This past September, eight family & friends fulfilled a long-standing dream by renting a farmhouse style villa on the border of Tuscany & Umbria for two glorious weeks.  I had managed to get the other side of 50, and had never traveled to Italy before, despite being a self styled foodie and lover of Italian food. Osso Buco with Risotto Milanese is my default choice for family celebrations and Spaghetti alla Carbonara, so sublimely rich, is an indulgence best savoured alone. Or maybe by two.

How to explain this gap in my gastronomic travels?  Let’s just say that the south of France has been a road traveled well and often.  

So it would be natural to offer comparisons:  the late fall weather in Tuscany and in Provence is temperate, the scenery post card perfection and the harvest still generous with fragrant musk melon, black truffles, gigantic porcini (called cepes in France) and the last of the summers’ sweet corn and scarlet ripe tomatoes. You awake every fall morning to the barking of hunting dogs and reports of rifles in the fields below.  Rosemary and lavender grow lavishly and perfume the air.  The insistence on traditional food prepared in the traditional way is carried on by generations of grandmothers, toiling in the Sunday kitchen.  The drivers are all mad.  Every day is market day somewhere:  rough handed men unload their baskets of produce from ubiquitous white vans on the pavements of civic parking lots.  More complex canopies unfold like metal origami to reveal glass fronted cases, stuffed with rounds of fresh and aged local cheese, whole legs of ruby red prosciutto rest on the counter and gigantic beach ball sized sausages of  homemade mortadella, are ready to be carefully hand sliced with a sabre like knife. As in Paris, as in Pertuis, as in our little market town of Monterchi, they admonish my mother in French or Italian:   “don’t touch the produce madam. I will select it for you. Is your melon for today or tomorrow”.  So far, so similar.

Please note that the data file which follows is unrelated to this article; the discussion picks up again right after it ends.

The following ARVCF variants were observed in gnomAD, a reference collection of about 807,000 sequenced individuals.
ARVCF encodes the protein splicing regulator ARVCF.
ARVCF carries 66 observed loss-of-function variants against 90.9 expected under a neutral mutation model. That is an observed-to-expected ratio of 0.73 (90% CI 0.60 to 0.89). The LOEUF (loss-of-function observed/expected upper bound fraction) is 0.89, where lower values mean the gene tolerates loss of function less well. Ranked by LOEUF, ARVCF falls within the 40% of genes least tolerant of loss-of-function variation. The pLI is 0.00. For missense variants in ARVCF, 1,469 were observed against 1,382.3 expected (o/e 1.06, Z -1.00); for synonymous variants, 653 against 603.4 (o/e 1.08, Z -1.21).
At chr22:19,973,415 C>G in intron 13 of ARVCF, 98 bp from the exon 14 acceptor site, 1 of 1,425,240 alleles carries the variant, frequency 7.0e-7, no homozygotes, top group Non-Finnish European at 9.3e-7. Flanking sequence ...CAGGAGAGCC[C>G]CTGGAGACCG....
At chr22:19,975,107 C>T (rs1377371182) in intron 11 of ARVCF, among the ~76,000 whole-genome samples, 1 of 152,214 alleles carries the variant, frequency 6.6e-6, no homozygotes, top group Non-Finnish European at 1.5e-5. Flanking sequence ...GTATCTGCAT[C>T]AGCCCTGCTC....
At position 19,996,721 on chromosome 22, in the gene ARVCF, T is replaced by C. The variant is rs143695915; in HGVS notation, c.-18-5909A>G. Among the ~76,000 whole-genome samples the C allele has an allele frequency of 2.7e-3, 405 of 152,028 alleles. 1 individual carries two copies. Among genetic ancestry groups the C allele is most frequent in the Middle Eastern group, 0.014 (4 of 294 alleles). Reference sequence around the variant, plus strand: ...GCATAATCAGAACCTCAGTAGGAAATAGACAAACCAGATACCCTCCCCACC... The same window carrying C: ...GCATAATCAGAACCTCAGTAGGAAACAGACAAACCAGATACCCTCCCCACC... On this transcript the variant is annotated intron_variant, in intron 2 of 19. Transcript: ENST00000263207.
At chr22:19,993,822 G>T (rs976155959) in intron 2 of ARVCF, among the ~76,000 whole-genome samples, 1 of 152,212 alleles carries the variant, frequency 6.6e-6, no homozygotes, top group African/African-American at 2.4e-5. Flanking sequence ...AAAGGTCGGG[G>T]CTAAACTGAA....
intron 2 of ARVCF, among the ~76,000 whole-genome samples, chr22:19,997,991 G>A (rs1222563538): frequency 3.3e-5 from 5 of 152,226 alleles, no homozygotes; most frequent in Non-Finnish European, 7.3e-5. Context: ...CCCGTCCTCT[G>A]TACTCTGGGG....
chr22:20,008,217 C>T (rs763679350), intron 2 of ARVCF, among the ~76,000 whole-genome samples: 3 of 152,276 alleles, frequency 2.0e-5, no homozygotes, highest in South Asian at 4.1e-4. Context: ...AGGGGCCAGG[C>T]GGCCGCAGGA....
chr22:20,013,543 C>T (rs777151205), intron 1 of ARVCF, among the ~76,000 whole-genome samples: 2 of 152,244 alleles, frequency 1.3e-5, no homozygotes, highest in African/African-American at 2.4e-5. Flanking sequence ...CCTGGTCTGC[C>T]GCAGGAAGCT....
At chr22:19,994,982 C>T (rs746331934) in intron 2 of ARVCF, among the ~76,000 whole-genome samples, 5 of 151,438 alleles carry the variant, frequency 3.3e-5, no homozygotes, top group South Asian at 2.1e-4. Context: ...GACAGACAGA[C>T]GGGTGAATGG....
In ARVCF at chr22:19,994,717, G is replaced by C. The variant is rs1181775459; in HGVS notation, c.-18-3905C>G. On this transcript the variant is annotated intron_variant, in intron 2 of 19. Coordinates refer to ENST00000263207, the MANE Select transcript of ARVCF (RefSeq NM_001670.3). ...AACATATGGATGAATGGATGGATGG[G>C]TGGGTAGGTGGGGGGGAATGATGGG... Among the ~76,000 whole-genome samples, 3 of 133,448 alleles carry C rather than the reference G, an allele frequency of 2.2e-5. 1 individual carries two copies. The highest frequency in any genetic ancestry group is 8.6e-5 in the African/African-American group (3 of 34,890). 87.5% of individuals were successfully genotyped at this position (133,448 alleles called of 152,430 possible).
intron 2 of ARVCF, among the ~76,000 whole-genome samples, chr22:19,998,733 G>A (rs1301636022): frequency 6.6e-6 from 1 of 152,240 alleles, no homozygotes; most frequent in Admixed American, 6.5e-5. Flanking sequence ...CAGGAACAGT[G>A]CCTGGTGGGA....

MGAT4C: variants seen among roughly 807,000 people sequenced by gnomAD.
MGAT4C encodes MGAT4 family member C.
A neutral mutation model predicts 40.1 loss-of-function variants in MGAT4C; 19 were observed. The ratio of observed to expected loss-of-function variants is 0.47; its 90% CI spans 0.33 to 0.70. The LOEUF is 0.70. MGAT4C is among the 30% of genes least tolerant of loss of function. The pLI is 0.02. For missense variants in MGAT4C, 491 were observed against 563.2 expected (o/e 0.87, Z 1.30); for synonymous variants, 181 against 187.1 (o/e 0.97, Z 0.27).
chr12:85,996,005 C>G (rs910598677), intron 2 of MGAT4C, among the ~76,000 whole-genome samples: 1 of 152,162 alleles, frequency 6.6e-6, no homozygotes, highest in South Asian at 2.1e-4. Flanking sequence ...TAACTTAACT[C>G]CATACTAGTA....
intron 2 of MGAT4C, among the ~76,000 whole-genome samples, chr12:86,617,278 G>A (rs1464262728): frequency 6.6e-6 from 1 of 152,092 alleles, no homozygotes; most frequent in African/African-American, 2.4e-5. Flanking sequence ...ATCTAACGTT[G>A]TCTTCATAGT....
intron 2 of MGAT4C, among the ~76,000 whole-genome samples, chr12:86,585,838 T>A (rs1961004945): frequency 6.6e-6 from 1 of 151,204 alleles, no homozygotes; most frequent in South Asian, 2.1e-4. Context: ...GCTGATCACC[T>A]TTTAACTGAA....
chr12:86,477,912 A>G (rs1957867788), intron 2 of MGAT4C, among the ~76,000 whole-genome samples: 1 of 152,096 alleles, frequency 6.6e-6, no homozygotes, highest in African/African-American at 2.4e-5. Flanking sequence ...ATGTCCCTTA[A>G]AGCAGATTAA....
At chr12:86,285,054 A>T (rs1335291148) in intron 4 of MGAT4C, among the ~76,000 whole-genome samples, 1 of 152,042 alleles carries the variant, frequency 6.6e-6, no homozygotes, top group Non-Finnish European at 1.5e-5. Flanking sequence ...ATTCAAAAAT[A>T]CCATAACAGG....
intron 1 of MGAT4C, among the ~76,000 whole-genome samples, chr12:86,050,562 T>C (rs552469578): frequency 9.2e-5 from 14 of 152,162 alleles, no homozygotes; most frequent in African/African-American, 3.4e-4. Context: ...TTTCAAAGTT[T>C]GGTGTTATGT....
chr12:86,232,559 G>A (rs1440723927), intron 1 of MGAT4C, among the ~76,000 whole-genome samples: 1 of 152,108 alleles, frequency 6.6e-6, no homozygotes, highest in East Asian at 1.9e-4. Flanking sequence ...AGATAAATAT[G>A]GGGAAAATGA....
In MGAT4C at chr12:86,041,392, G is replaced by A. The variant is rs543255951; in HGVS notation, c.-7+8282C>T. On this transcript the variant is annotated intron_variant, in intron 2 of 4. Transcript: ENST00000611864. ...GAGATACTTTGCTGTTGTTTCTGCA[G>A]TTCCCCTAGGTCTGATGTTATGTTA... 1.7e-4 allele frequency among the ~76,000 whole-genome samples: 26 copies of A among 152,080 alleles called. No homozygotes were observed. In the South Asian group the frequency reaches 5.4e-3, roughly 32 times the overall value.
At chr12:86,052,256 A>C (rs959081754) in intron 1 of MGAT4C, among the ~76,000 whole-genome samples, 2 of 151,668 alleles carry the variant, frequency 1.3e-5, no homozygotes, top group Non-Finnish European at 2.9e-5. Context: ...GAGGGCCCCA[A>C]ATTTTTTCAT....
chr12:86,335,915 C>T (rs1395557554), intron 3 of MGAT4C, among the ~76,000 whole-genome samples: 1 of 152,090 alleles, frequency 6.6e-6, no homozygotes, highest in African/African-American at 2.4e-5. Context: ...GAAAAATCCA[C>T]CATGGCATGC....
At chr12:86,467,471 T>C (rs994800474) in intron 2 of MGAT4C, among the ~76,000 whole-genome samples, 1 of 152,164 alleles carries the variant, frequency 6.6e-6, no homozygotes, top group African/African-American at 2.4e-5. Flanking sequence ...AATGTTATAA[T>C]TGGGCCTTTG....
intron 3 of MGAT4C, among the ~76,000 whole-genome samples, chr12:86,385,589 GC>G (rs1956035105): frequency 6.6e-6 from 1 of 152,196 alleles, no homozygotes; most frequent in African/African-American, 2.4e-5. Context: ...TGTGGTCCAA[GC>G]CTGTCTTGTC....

But unlike the French, the Italians are happy to see you. Yes, the rudeness of the Parisian is legend, but it warms up to simple brusqueness when you travel south of Lyon.  But in Tuscany, we were genuinely welcomed and appreciated, even at the end of the tourist season, when they should by rights be weary of our presence. For those had prior experience with French” hospitality”, the welcoming attitude was the most surprising element of our trip.